Anyone over the age of 12 has the right to access contraception in Canada, but some clinics and pharmacies may not be as youth-friendly as we are at Planned Parenthood. We sell Plan B or Ella for $15. Because of COVID restrictions, you’ll have to call us to arrange payment and speak with a nurse then we will set a time for curbside pickup. The copper IUD is another form of emergency contraception that costs $100. Read more! “How old do you have to be to buy emergency contraception and how much is it?”

We are currently waiting on more PPE to be able to offer in-person appointments but one of our partner clinics has been offering IUD inserts on a case-by-case basis. Call our clinic during operating hours to ask our receptionist about insert options.

We are in the office taking calls on Mon/Wed/Fri from 9am to 12pm and 12:45-4pm.

Spotting is common in the first few months of starting a new hormonal birth control method. Later on, it could be caused by missing a dose or may be a side effect of taking another medication. If you are concerned, call your family doctor or reach out to us for a phone consult with our practitioner.

If you want to prevent pregnancy, emergency contraception (like Plan B or Ella) can be taken up to five days after unprotected sex or a copper IUD can be inserted up to seven days after. Call us or a pharmacy as soon as possible to increase your chances of avoiding pregnancy.

A pregnancy test is most accurate 2-3 weeks after unprotected sex or after a missed period. Read more! “I had unprotected sex recently and am supposed to get my period in three weeks. When can I take a pregnancy test?”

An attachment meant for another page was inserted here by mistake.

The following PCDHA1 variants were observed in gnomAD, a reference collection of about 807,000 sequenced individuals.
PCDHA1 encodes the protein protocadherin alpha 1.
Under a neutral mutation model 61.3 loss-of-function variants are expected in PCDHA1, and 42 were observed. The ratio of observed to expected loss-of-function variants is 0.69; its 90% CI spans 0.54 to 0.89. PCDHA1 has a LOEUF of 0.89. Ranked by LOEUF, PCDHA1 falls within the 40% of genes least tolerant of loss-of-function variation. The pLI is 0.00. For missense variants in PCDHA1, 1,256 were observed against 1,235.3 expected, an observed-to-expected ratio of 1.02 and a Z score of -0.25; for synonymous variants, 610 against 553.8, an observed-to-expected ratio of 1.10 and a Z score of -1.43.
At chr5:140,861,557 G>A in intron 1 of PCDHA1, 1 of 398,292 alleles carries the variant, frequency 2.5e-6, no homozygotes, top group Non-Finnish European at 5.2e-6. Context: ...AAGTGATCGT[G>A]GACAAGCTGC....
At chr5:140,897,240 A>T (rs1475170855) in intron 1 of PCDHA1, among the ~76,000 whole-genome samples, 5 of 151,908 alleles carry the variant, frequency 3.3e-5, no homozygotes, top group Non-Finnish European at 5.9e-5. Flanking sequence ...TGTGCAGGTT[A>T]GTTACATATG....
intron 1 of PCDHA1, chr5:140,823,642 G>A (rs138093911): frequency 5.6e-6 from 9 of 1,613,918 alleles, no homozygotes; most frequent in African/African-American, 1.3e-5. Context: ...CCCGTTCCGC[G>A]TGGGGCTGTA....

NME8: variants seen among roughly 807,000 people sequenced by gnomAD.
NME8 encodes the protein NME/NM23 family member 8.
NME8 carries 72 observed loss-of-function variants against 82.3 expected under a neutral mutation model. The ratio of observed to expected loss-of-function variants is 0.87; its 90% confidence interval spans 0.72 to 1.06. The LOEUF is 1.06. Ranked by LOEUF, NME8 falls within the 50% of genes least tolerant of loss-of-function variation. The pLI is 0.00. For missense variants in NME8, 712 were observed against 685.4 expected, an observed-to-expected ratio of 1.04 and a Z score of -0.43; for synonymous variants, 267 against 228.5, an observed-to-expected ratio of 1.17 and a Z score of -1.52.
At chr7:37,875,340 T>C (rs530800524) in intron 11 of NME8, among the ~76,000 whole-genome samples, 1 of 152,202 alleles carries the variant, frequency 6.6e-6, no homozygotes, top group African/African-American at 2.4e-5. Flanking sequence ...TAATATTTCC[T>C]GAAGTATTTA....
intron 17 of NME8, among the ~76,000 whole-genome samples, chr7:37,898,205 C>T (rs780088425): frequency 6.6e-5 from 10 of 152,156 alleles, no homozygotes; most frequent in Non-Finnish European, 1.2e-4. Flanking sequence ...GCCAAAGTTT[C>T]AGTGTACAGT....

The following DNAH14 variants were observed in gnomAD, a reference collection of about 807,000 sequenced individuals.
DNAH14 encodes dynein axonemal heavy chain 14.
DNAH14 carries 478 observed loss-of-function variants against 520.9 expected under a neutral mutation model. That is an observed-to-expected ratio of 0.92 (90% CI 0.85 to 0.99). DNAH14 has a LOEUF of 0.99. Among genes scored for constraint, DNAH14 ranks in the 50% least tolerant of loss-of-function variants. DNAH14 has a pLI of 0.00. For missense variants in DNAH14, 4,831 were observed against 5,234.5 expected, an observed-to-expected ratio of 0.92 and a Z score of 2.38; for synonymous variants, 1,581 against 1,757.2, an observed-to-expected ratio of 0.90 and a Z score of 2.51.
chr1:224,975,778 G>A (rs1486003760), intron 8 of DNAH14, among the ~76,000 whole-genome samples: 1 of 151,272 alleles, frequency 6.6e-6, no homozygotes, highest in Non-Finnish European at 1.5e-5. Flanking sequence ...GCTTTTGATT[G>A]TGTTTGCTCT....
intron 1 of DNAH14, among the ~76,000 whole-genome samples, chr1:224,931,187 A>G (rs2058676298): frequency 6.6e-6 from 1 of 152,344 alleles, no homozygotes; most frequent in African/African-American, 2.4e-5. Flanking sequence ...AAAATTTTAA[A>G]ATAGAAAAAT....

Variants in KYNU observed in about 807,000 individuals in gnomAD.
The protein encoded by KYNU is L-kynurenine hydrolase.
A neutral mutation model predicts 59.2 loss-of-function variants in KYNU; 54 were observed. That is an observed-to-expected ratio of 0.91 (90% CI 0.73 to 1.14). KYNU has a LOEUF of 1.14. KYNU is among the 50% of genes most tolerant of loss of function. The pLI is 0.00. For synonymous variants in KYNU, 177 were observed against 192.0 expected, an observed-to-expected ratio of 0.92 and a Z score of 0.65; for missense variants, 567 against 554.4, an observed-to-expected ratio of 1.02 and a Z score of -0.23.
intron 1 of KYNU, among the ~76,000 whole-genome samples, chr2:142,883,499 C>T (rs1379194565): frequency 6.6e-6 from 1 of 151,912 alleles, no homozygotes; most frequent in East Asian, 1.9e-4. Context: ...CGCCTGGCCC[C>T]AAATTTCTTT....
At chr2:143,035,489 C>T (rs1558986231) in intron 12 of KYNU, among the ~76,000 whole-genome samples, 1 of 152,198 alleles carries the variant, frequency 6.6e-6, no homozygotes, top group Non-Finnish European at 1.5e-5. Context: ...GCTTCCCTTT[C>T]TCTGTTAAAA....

It depends on the method you are switching to. A doctor may recommend using a back-up method like condoms for a week to be safe, but when you change your prescription, your healthcare provider should discuss this with you. Call us and ask for a phone consult with our practitioner to find out more.

We are waiting on PPE to be able to open up our services again. It depends on what you need an appointment for. We have been able to offer depo provera injections on a case-by-case basis and are offering phone consults with our social worker and nurse practitioner. You can call us on Mon/Wed/Fri from 9am to 4pm (closed 12:00-12:45pm for lunch) to ask our receptionist about what is available.

We aren’t open for in-person services yet. Currently, we are offering birth control sales using curbside pickup on Mon/Wed/Fri from 9am to 4pm and our receptionist is in the office answering phones during those hours. Our nurse practitioner is providing phone consults with clients and our social worker is still providing options counselling. Read more! “Are you open?”

No, it’s best to take your pills as prescribed. Spotting can be a side effect of hormonal birth control, even if you’ve been on it for awhile without having issues. If you’re concerned, call your family doctor or our clinic to speak with a nurse.

Unfortunately, we do not carry hormones. If a person wants hormone therapy they could talk to our practitioners about it and ask for a prescription that could be taken to a pharmacy. Some hormones are covered through Sask Health Insurance. Our practitioners might want to give a referral to a specialist like Dr. Perron who could come up with a care plan.

It could mean that treatment failed or that you were re-infected. You might need another round of antibiotics, possibly with a different kind. After treatment, any sexual activity should be avoided for 7 days to avoid re-infection. Sometimes partners pass infections back and forth if they aren’t both treated at the same time, even if they are using condoms. Read more! “What does it mean if you get treatment for chlamydia or gonorrhea and then your symptoms come back?”